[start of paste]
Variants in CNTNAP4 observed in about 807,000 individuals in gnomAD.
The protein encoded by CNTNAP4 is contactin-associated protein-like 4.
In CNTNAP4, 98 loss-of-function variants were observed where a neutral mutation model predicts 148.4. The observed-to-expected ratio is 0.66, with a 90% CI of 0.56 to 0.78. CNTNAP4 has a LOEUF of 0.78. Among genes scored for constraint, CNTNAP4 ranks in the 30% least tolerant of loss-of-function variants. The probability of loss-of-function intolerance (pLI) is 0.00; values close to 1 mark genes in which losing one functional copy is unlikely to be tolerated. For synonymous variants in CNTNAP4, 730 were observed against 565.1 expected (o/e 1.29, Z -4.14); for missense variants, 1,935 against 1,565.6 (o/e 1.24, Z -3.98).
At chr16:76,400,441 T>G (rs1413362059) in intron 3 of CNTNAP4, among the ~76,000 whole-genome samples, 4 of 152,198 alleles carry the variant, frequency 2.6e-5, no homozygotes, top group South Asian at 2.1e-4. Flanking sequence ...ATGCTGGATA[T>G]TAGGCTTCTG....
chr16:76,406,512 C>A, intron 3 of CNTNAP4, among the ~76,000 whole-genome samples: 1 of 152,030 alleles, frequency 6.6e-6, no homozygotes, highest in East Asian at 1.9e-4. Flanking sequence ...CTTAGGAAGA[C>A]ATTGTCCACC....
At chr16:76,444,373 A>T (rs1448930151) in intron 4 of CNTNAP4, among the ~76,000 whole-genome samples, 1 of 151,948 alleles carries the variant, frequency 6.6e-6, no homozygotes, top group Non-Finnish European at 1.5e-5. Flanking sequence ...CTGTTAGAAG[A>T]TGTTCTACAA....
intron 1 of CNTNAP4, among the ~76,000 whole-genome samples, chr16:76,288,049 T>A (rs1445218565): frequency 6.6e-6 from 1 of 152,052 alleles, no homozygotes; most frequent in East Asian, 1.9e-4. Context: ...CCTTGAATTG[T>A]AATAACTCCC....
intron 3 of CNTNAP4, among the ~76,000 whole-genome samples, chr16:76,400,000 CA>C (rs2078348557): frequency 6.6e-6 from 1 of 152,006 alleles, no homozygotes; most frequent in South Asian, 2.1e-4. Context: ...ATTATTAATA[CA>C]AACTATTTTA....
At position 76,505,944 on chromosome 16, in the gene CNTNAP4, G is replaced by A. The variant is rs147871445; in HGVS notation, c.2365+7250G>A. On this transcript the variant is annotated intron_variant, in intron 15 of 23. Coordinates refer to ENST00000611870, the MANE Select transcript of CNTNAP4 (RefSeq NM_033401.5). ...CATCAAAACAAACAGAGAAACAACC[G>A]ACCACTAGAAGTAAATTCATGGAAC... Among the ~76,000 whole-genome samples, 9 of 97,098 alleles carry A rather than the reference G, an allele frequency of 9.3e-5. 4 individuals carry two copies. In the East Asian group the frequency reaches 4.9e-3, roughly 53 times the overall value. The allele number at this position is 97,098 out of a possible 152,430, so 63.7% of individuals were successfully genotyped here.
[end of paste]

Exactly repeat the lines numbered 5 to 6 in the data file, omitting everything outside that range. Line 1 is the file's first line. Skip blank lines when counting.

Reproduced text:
chr16:76,406,512 C>A, intron 3 of CNTNAP4, among the ~76,000 whole-genome samples: 1 of 152,030 alleles, frequency 6.6e-6, no homozygotes, highest in East Asian at 1.9e-4. Flanking sequence ...CTTAGGAAGA[C>A]ATTGTCCACC....
At chr16:76,444,373 A>T (rs1448930151) in intron 4 of CNTNAP4, among the ~76,000 whole-genome samples, 1 of 151,948 alleles carries the variant, frequency 6.6e-6, no homozygotes, top group Non-Finnish European at 1.5e-5. Flanking sequence ...CTGTTAGAAG[A>T]TGTTCTACAA....